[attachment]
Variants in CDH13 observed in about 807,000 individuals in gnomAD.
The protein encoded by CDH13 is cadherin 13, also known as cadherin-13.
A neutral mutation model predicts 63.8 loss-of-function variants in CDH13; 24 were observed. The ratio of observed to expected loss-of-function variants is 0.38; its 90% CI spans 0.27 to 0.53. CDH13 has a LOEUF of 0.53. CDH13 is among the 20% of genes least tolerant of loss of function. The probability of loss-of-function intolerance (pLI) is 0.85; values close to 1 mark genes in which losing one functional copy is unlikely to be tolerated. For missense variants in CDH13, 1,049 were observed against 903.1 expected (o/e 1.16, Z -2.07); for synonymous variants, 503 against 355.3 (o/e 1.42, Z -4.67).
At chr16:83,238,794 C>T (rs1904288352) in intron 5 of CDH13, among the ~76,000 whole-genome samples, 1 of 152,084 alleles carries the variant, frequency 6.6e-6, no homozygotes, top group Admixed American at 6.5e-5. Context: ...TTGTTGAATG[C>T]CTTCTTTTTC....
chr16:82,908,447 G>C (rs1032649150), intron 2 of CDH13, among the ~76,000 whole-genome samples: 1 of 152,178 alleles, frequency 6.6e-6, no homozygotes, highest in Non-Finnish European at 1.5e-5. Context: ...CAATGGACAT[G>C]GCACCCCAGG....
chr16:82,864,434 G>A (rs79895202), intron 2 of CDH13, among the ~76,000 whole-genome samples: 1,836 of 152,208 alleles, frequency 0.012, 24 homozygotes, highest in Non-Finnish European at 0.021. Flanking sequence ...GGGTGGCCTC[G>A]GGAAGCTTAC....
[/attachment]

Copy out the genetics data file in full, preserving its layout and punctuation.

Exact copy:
Variants in CDH13 observed in about 807,000 individuals in gnomAD.
The protein encoded by CDH13 is cadherin 13, also known as cadherin-13.
A neutral mutation model predicts 63.8 loss-of-function variants in CDH13; 24 were observed. The ratio of observed to expected loss-of-function variants is 0.38; its 90% CI spans 0.27 to 0.53. CDH13 has a LOEUF of 0.53. CDH13 is among the 20% of genes least tolerant of loss of function. The probability of loss-of-function intolerance (pLI) is 0.85; values close to 1 mark genes in which losing one functional copy is unlikely to be tolerated. For missense variants in CDH13, 1,049 were observed against 903.1 expected (o/e 1.16, Z -2.07); for synonymous variants, 503 against 355.3 (o/e 1.42, Z -4.67).
At chr16:83,238,794 C>T (rs1904288352) in intron 5 of CDH13, among the ~76,000 whole-genome samples, 1 of 152,084 alleles carries the variant, frequency 6.6e-6, no homozygotes, top group Admixed American at 6.5e-5. Context: ...TTGTTGAATG[C>T]CTTCTTTTTC....
chr16:82,908,447 G>C (rs1032649150), intron 2 of CDH13, among the ~76,000 whole-genome samples: 1 of 152,178 alleles, frequency 6.6e-6, no homozygotes, highest in Non-Finnish European at 1.5e-5. Context: ...CAATGGACAT[G>C]GCACCCCAGG....
chr16:82,864,434 G>A (rs79895202), intron 2 of CDH13, among the ~76,000 whole-genome samples: 1,836 of 152,208 alleles, frequency 0.012, 24 homozygotes, highest in Non-Finnish European at 0.021. Flanking sequence ...GGGTGGCCTC[G>A]GGAAGCTTAC....